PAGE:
Yes, the heat of the battle had hardly died down before the inquest began, but Marco Reus’ reaction to post-match questions clearly hit a nerve and were closer to the truth than many at BVB would care to admit. Is there a problem with the mentality amongst the current Schwarzgelben team?
After seeing Dortmund concede an 88th minute goal at the Commerzbank Arena to hand Eintracht Frankfurt a share of the spoils on Sunday evening, that is just the question field reporter Ecki Häuser posed to the BVB captain. “After the humiliation away to Union Berlin, a lot was said about [Dortmund’s] mentality. Is it still lacking?”
The response he got said a lot.
“This is really getting on my nerves with your mentality bullshit. Seriously. Today? Are you serious now? The 2-2 was scored due to mentality? Are you serious? We played dumb, sure, but don’t come to me with your shit about mentality. Every week it’s the same crap.
“Our main problem is that we can’t see out a game. But that has nothing to do with mentality. A goal like the 2-2 just mustn’t happen. If we make it 3-1 this game is over, but we also could have seen in out to win 2-1 but we didn’t — that’s it.”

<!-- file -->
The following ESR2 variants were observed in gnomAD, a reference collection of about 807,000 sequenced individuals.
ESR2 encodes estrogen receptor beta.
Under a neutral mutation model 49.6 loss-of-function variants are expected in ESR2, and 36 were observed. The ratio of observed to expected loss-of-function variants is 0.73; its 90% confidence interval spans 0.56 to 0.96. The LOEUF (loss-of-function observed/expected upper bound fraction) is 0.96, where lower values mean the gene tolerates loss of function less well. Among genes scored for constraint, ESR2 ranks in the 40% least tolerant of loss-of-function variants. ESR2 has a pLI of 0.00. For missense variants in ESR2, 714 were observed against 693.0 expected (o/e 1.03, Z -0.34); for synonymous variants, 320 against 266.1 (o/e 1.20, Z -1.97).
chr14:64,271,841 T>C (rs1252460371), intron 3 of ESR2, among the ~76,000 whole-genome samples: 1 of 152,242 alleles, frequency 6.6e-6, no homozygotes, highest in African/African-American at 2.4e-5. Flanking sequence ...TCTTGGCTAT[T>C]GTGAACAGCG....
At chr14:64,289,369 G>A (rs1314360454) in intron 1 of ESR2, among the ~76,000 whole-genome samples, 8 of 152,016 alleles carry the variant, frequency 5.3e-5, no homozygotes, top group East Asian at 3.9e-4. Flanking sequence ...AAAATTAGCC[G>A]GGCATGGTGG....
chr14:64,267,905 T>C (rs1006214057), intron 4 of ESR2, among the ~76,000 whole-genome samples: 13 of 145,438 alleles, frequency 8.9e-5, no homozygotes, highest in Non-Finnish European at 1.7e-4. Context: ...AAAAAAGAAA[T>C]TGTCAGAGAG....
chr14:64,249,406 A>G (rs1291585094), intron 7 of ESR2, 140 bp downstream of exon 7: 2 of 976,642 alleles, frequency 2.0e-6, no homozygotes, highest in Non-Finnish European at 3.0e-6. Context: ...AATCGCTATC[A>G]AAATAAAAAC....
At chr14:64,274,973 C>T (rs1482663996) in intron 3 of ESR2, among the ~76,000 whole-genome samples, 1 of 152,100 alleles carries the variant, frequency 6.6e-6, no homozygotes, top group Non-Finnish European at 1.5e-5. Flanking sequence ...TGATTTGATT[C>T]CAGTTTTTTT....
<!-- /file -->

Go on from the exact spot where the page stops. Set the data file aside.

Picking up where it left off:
Quite an explosive retort but hidden amongst the anger and frustration from Reus is more than a modicum of truth.
Twice the visitors gave up the lead against Frankfurt and whilst leaving the Commerzbank Arena with a point is no small feat, if Dortmund are going to be serious title contenders, then they need to be taking all three points when they find themselves in a winning position with 15 or 20 minutes left.
As I was watching the game, the co-commentator Stefan Freund hit the nail firmly on head with 15 minutes remaining explaining that the result was very much down to the way Dortmund ‘managed the last quarter of an hour’. And so it panned out with Thomas Delaney scoring a late own-goal to make the final score 2-2 after Jadon Sancho had fired them ahead with 25 minutes left.
The loss of Mats Hummels through injury played a part, as did the introduction of Bas Dost to give the Adler more bite in attack. But should Dortmund lose out on the title by a small margin (like they did last year), there will be an inquest as to where important points may have been dropped.
The analysis will point to Union Berlin and also to this match. How often do Bayern Munich drop points late in a game from a position of strength? Jürgen Klopp has coined the phrase ‘Mentalitätsmonster’ (mentality monsters) for his current Liverpool side. Borussia Dortmund have all the skill, fire-power and attacking flair you could ask for, but do they have the quality that Klopp has identified?
They say that canine owners often look like their dog, and also that football teams mirror the personality of their coach (Diego Simeone at Atletico Madrid is a perfect example), so is there a link between BVB’s perceived mentality problem and their mild-mannered trainer Lucien Favre. I’m just asking!
Ecki Häuser was just asking too when he prompted the angry response from Marco Reus. Sometimes the truth can be a bitter pill to swallow.
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